National Drug Control Budget Supports Treatment and Prevention
On Wednesday, April 10, President Obama announced the largest requested percentage increase in federal funding for drug treatment in over two decades.
- $76.8 million will fund grants made directly to approximately 605 community‐based coalitions (including 139 new grants) focusing on preventing youth substance use
- President Obama’s drug budget calls for $1.5 billion increase for drug treatment and prevention over fiscal year 2012.
- The budget calls for largest requested percentage increase in drug treatment funding in over two decades.
- The total amount requested for treatment and prevention is $10.7 billion.
Save the Date: Reclaiming Futures Webinar April 30
Do you want to learn how the Reclaiming Futures model is uniting juvenile courts, probation, adolescent substance abuse treatment, and the community for cost effective juvenile justice reform?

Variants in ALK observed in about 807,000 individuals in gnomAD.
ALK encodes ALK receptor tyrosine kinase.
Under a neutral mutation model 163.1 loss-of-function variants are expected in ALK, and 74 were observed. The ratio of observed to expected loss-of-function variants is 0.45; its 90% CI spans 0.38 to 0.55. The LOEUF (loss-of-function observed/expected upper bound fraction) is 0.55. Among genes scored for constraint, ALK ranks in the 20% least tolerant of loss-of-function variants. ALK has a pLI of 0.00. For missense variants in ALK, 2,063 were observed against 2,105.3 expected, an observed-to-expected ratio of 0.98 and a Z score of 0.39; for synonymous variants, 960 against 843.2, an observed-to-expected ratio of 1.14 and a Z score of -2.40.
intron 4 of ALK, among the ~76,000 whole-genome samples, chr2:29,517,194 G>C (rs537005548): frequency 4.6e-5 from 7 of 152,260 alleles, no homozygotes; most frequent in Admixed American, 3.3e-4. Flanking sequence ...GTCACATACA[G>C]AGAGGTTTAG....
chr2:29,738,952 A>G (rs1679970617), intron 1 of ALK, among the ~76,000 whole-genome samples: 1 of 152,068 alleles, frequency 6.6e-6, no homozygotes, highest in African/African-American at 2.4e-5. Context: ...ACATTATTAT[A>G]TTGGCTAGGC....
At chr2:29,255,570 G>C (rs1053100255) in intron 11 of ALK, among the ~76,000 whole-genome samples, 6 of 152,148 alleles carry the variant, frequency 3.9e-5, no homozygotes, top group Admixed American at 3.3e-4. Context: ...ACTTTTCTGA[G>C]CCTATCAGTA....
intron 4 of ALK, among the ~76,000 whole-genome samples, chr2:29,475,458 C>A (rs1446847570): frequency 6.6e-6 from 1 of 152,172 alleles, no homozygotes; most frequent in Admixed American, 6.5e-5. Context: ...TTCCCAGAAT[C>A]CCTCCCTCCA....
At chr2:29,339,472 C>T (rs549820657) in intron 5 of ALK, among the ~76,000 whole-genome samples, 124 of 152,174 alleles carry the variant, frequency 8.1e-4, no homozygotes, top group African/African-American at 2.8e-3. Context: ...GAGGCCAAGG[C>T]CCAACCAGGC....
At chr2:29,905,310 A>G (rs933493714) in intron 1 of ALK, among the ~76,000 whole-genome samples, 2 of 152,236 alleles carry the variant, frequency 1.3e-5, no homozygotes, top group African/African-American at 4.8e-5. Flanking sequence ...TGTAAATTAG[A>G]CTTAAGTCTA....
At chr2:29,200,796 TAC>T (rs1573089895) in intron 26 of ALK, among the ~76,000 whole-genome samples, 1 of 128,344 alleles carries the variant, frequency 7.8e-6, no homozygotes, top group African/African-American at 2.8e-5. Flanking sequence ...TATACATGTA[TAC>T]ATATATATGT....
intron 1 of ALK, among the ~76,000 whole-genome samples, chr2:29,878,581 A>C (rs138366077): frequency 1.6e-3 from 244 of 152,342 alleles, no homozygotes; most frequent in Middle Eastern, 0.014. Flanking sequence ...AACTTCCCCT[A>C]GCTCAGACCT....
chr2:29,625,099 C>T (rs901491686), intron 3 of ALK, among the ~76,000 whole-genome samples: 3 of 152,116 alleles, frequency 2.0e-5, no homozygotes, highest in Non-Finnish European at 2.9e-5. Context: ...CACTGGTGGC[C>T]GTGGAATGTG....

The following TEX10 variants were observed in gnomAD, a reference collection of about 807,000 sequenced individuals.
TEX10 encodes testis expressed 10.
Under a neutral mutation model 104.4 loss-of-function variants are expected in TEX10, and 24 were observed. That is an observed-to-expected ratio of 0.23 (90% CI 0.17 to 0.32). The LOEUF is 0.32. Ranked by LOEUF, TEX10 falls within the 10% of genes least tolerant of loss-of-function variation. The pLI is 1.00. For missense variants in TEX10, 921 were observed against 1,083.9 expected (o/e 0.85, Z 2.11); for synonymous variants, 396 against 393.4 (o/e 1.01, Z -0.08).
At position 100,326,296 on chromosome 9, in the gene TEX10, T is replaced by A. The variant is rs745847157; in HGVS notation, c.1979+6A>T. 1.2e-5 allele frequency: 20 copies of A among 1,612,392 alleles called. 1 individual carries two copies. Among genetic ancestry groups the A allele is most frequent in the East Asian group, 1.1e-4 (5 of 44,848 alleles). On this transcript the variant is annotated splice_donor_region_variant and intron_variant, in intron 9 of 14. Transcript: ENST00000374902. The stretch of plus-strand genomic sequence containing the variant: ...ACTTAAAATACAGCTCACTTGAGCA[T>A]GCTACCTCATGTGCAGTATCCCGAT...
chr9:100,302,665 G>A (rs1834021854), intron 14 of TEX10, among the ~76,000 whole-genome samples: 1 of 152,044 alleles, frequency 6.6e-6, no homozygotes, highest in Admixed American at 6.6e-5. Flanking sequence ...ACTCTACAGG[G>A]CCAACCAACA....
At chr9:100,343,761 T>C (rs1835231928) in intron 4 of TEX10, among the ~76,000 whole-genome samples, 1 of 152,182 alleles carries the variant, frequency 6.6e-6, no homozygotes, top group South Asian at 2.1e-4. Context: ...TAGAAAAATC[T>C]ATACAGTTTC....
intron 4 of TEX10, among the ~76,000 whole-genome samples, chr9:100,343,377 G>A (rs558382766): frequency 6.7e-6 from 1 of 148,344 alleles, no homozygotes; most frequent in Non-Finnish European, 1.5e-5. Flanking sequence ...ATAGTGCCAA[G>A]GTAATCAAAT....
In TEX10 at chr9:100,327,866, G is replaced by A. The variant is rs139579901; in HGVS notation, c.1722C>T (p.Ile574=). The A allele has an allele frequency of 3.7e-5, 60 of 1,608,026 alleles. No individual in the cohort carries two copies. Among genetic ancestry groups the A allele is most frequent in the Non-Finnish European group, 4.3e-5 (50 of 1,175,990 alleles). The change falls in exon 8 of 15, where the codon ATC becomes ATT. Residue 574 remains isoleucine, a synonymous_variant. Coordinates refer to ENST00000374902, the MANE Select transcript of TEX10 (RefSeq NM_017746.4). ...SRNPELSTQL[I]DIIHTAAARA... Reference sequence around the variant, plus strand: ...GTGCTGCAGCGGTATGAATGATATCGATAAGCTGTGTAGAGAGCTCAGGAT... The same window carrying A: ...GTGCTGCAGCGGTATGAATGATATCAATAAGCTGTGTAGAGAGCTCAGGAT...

What you'll learn:
- Communities have a compelling need to break the cycle of drugs, alchohol and crime
- Reclaiming Futures is connecting young people to caring adults
- The six-step model is pointing to better outcomes for youth
About the presenters:
Susan Richardson is national executive director for Reclaiming Futures. Formerly, she was a senior program officer in the health care division of the Kate B. Reynolds Charitable Trust in North Carolina, where she led a three-year effort involving the state's juvenile justice and treatment leaders to adopt the Reclaiming Futures model by juvenile courts in six North Carolina counties. She received her B.S. in Public Health, Health Policy and Administration, from the University of North Carolina, Chapel Hill.